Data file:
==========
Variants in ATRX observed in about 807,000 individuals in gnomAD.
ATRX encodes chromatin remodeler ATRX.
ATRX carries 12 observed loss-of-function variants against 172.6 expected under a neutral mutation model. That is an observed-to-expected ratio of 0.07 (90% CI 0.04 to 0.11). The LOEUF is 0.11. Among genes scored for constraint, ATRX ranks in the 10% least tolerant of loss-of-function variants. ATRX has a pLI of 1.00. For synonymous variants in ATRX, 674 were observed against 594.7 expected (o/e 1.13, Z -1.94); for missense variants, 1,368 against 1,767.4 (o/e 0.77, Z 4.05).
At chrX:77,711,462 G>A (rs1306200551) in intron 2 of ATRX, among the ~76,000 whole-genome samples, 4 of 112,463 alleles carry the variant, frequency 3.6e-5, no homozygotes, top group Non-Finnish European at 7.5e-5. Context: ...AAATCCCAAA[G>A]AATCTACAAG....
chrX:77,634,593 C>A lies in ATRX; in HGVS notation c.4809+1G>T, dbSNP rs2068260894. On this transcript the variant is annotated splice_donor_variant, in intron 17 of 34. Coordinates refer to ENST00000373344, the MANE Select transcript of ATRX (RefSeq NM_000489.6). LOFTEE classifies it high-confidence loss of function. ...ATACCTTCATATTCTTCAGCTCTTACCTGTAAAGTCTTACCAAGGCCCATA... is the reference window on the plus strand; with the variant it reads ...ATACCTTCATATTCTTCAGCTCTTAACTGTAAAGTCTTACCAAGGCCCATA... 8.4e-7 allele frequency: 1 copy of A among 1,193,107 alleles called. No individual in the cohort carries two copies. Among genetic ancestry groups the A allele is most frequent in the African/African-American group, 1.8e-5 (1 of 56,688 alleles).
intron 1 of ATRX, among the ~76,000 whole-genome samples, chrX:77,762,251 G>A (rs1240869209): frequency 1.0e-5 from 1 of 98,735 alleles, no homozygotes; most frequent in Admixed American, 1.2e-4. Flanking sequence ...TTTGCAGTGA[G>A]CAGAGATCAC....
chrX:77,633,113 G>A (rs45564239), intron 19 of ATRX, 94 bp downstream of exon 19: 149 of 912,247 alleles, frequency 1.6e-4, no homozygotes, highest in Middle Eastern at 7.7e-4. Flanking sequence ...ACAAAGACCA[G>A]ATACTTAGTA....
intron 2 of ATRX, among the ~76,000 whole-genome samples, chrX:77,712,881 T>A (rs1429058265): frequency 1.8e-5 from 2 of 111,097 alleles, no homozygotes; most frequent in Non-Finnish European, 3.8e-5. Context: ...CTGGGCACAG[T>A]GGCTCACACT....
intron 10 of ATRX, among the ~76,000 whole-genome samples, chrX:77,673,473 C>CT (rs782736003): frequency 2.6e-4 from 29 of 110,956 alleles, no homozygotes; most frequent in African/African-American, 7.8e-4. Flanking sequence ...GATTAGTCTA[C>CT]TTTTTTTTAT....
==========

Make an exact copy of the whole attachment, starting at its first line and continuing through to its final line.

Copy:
Variants in ATRX observed in about 807,000 individuals in gnomAD.
ATRX encodes chromatin remodeler ATRX.
ATRX carries 12 observed loss-of-function variants against 172.6 expected under a neutral mutation model. That is an observed-to-expected ratio of 0.07 (90% CI 0.04 to 0.11). The LOEUF is 0.11. Among genes scored for constraint, ATRX ranks in the 10% least tolerant of loss-of-function variants. ATRX has a pLI of 1.00. For synonymous variants in ATRX, 674 were observed against 594.7 expected (o/e 1.13, Z -1.94); for missense variants, 1,368 against 1,767.4 (o/e 0.77, Z 4.05).
At chrX:77,711,462 G>A (rs1306200551) in intron 2 of ATRX, among the ~76,000 whole-genome samples, 4 of 112,463 alleles carry the variant, frequency 3.6e-5, no homozygotes, top group Non-Finnish European at 7.5e-5. Context: ...AAATCCCAAA[G>A]AATCTACAAG....
chrX:77,634,593 C>A lies in ATRX; in HGVS notation c.4809+1G>T, dbSNP rs2068260894. On this transcript the variant is annotated splice_donor_variant, in intron 17 of 34. Coordinates refer to ENST00000373344, the MANE Select transcript of ATRX (RefSeq NM_000489.6). LOFTEE classifies it high-confidence loss of function. ...ATACCTTCATATTCTTCAGCTCTTACCTGTAAAGTCTTACCAAGGCCCATA... is the reference window on the plus strand; with the variant it reads ...ATACCTTCATATTCTTCAGCTCTTAACTGTAAAGTCTTACCAAGGCCCATA... 8.4e-7 allele frequency: 1 copy of A among 1,193,107 alleles called. No individual in the cohort carries two copies. Among genetic ancestry groups the A allele is most frequent in the African/African-American group, 1.8e-5 (1 of 56,688 alleles).
intron 1 of ATRX, among the ~76,000 whole-genome samples, chrX:77,762,251 G>A (rs1240869209): frequency 1.0e-5 from 1 of 98,735 alleles, no homozygotes; most frequent in Admixed American, 1.2e-4. Flanking sequence ...TTTGCAGTGA[G>A]CAGAGATCAC....
chrX:77,633,113 G>A (rs45564239), intron 19 of ATRX, 94 bp downstream of exon 19: 149 of 912,247 alleles, frequency 1.6e-4, no homozygotes, highest in Middle Eastern at 7.7e-4. Flanking sequence ...ACAAAGACCA[G>A]ATACTTAGTA....
intron 2 of ATRX, among the ~76,000 whole-genome samples, chrX:77,712,881 T>A (rs1429058265): frequency 1.8e-5 from 2 of 111,097 alleles, no homozygotes; most frequent in Non-Finnish European, 3.8e-5. Context: ...CTGGGCACAG[T>A]GGCTCACACT....
intron 10 of ATRX, among the ~76,000 whole-genome samples, chrX:77,673,473 C>CT (rs782736003): frequency 2.6e-4 from 29 of 110,956 alleles, no homozygotes; most frequent in African/African-American, 7.8e-4. Flanking sequence ...GATTAGTCTA[C>CT]TTTTTTTTAT....